If you haven’t already heard about the health benefits of turmeric, now’s the time to tune in. We best know turmeric for its ability to reduce inflammation in the body, but what about its effect on the brain?
Turmeric has a long history of medicinal use in traditional Chinese medicine and Ayurveda. It is highly anti-cancerous, anti-inflammatory, and works as an effective, all-natural antibiotic. The active component of turmeric, namely, curcumin, is the main player that boasts these amazing benefits.
Curcumin exhibits over 150 therapeutic activities, such as the few mentioned above. However, for this article, I will be focusing on its ability to aid the brain. Curcumin, unlike most chemical compounds we ingest on a daily basis, has the ability to cross the blood-brain barrier. This allows it to work on a more direct basis, helping protect the brain and treat a wide range of neurological disorders.
Multiple studies have been done on the ability of curcumin to improve brain health. One study found that extracts of turmeric contain a number of natural agents that block beta-amyloid formation, a substance responsible for plaques that deteriorate cerebral function in Alzheimer’s disease. It has also been investigated for its role in improving Parkinson’s and stroke damage.
So How Does Turmeric Build New Brain Cells?
Aside from curcumin, turmeric contains other compounds that also help the brain. Aromatic-turmerone, a fat-soluble component of turmeric, has been recently studied over the last few years on its ability to influence neural stem cells (NSC). NSC’s are self-renewing cells that generate neurons and glia of the nervous system of all animals during embryonic development. Some of these cells persist into adult life to help reproduce neurons throughout life.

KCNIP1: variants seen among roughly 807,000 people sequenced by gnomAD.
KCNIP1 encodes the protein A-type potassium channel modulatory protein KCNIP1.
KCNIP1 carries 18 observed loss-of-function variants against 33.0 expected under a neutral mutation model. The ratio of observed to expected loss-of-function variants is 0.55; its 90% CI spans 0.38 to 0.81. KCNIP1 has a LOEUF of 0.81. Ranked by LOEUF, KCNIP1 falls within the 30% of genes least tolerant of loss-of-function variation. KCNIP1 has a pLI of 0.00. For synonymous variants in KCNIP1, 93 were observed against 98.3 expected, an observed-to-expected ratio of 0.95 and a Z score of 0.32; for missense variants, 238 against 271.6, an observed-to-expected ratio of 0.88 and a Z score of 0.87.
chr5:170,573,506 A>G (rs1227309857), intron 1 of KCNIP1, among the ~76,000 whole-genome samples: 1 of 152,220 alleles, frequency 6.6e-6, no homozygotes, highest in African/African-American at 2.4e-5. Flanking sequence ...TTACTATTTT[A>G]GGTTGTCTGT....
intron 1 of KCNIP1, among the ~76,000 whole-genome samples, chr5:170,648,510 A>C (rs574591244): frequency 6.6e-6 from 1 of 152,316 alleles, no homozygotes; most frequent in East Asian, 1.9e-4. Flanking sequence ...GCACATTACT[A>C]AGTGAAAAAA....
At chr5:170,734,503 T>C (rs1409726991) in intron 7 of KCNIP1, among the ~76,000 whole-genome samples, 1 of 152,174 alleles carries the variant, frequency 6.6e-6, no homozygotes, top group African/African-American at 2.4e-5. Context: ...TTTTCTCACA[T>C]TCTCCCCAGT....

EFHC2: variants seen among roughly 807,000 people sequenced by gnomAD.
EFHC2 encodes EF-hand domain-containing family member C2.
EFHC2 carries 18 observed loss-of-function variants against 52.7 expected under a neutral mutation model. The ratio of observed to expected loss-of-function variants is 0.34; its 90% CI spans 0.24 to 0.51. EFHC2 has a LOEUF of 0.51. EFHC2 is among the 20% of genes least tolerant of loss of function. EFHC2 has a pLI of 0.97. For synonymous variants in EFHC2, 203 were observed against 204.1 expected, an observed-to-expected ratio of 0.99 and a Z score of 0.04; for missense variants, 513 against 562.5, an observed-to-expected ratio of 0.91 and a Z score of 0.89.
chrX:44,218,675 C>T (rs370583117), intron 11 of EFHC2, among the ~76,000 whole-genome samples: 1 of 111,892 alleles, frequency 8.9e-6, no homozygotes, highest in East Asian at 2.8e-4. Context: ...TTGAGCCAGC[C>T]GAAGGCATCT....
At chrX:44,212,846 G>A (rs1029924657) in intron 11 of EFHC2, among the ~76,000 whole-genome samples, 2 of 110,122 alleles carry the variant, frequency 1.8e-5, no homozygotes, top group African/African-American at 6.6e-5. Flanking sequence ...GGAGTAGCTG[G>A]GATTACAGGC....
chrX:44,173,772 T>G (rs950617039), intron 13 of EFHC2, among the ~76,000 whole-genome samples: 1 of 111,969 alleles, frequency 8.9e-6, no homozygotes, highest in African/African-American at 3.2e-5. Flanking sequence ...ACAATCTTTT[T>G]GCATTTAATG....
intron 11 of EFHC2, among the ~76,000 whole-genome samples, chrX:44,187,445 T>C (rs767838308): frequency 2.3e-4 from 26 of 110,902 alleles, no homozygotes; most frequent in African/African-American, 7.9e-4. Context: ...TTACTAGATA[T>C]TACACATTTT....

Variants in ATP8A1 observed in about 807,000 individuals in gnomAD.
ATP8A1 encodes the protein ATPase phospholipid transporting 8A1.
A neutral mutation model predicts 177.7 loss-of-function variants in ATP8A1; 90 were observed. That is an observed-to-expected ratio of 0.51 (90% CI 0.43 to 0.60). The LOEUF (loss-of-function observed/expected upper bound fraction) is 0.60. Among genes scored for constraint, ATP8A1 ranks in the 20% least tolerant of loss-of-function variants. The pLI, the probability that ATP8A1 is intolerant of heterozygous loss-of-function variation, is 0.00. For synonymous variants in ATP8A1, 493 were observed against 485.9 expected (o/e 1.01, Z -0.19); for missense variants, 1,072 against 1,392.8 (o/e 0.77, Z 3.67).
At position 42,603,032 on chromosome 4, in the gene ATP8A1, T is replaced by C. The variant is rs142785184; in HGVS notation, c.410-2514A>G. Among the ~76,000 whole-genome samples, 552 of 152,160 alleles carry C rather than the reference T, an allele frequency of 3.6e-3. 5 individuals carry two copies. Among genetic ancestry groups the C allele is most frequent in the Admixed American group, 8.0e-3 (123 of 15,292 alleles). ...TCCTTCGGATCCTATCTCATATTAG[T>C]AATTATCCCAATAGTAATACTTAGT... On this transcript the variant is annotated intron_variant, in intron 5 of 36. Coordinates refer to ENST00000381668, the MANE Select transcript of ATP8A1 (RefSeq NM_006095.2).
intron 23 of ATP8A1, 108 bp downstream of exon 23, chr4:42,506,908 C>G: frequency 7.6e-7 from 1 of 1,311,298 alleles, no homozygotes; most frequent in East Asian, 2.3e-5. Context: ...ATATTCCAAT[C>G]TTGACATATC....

One study conducted by German researchers found that when exposed to ar-turmerone, NSCs increased in number by as much as 80%. When supplemented in rats, they formed healthy new brain cells in the hippocampus and subventricular zone (the brain areas where new neurons are grown).
This is promising for individuals suffering from neurodegenerative diseases like stroke or Alzheimer’s, as ar-turmerone can help promote brain regeneration (the main cause for neural decline in such diseases). It is also useful that ar-turmerone helps differentiate stem cells into neurons, as this is the main process most sought after by regenerative medicine practices.
What Kind Of Turmeric Should You Consume?
Consuming a curcumin extract probably isn’t the best way to get turmeric compounds in your body. Eating the root in whole form is the best, as well as raw or lightly heated (if making a tonic). Consuming whole turmeric will ensure that your body gains all the elements it has to offer – including curcumin and ar-turmerone (and other compounds). Supplementing with whole plant foods should always be your first option, instead of individually isolated compounds.
Consuming turmeric with black pepper and coconut oil (or other healthy fat) will also improve its absorbability in the body. This recipe is one of my favourite golden milk recipes, and I highly suggest making it.
It is also important that your choose your turmeric wisely. Opting for brands that are organic and raw (such as this one here) are the best bang for your buck (and your health). When choosing the fresh root, make sure it is organic, and not conventional. Conventionally grown turmeric is sprayed with pesticides that may do more harm than good.